Erika Ghilardi, Archivio Foto Locchi: “This monographic exhibition, the first by the
Archivio storico Foto Locchi, held in the halls of the old-guard Palazzo Pitti royals, and
its opening during Pitti Uomo 91, is the source of my great pride and sincere excitement
for myself and my family. The fashion section is one of the prevalent, important themes
in the Archive—an archive whose cultural and visual heritage includes more than 5
million images telling the story of Florence over the last century”.


THE THREE SECTIONS OF THE EXHIBITION


The artisan workshops: That set of workshops dedicated to high craftsmanship since
the Middle Ages, which in the twentieth century contributed to the creation of some
of the best-known Italian high fashion labels in the world. Already in the Twenties, the
legend of Florentine craftsmanship had arrived in the United States: wealthy American
heiress turned to Florence to buy up embroidered lingerie, silverware, exquisitely
worked leather and straw hats. Emblematic in this context was Salvatore Ferragamo’s
decision to settle in Florence after 13 years of success in America. He chose Florence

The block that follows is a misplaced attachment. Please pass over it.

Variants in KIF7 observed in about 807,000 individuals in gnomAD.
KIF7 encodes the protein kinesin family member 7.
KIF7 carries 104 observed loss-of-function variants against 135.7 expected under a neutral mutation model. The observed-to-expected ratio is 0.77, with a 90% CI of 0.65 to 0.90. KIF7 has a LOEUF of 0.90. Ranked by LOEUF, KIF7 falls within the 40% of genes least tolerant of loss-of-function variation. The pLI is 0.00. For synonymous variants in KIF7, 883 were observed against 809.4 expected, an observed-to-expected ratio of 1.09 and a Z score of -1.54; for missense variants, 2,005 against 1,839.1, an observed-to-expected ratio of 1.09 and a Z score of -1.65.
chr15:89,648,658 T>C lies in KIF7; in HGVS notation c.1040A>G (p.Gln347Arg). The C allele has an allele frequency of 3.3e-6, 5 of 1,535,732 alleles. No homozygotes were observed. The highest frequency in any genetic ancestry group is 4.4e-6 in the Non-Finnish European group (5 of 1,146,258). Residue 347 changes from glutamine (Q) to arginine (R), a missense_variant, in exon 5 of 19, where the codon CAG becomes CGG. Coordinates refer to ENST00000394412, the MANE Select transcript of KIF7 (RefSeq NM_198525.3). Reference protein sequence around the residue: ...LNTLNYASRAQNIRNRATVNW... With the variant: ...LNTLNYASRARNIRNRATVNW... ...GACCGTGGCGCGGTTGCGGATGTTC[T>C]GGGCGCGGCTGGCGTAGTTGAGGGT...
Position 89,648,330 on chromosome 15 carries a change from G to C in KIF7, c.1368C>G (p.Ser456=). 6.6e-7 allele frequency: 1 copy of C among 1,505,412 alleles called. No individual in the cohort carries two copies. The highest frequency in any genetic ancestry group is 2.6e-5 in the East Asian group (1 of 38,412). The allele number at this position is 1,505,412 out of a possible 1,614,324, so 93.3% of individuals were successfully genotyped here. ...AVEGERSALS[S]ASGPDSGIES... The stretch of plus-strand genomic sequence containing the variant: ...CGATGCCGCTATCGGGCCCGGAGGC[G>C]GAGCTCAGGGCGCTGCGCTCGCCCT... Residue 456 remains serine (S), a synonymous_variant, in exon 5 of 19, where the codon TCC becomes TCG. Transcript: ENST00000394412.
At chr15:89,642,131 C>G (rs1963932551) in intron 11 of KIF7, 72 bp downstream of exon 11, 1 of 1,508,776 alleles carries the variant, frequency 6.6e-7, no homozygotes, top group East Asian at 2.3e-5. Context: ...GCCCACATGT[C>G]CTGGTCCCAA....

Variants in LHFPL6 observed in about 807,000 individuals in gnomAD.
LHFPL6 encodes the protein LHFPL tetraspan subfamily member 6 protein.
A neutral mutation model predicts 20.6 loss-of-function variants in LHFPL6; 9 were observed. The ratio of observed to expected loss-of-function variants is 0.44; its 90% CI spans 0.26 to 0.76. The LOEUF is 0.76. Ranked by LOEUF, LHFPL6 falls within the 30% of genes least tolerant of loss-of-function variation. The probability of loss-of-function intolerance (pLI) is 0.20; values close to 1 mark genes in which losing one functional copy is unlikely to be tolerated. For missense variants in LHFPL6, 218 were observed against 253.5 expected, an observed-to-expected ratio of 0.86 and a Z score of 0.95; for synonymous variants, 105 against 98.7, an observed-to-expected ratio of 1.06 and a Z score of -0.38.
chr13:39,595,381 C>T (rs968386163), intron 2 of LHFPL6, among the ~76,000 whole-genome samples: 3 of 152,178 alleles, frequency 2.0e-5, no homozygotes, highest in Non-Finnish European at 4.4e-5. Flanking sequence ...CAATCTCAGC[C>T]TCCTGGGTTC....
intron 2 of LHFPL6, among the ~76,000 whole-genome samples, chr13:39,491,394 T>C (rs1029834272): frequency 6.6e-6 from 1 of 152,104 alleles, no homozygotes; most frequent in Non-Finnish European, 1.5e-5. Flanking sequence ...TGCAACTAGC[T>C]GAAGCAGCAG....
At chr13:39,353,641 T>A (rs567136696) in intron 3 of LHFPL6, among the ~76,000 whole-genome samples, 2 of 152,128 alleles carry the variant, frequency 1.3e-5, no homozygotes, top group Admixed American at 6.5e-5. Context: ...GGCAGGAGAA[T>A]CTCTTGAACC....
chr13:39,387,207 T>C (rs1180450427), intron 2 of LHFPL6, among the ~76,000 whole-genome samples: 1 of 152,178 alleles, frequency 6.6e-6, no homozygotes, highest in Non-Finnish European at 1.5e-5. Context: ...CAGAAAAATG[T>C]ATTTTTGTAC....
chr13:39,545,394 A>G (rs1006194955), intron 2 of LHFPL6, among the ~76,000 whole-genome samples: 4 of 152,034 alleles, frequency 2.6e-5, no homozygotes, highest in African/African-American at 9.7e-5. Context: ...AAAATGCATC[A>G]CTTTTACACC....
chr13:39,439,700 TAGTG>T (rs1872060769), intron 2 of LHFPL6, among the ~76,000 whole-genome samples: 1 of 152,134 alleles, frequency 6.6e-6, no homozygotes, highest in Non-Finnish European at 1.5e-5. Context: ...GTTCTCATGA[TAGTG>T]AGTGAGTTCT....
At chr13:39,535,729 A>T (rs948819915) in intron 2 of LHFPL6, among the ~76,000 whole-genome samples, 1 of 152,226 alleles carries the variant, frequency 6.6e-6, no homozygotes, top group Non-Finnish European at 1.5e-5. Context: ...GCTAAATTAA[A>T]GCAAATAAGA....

for its beauty as well as to delve into the depths of the specialized crafts that would
allow the shoemaker to achieve his goals of excellence.


Fashion in Florence: from the earliest events after World War II to the legendary shows
in Palazzo Pitti’s Sala Bianca (1952-1982), the origins of modern fashion in Florence are
thanks to the courage of a man who was as courteous as he was severe, a connoisseur
of the American market, Giovanni Battista Giorgini, who had made a name for himself
in New York as a buyer capable of turning dreams into reality. If Giorgini was the father
of Italian fashion, then Florence at that time was the cradle of beauty and charm, of
a new style that emanated from the Florentine and international entourage that had
formed around the newly born fashion system, as seen in the photography of those days
taken by Foto Locchi reporters not only of the catwalks in the Sala Bianca, but also in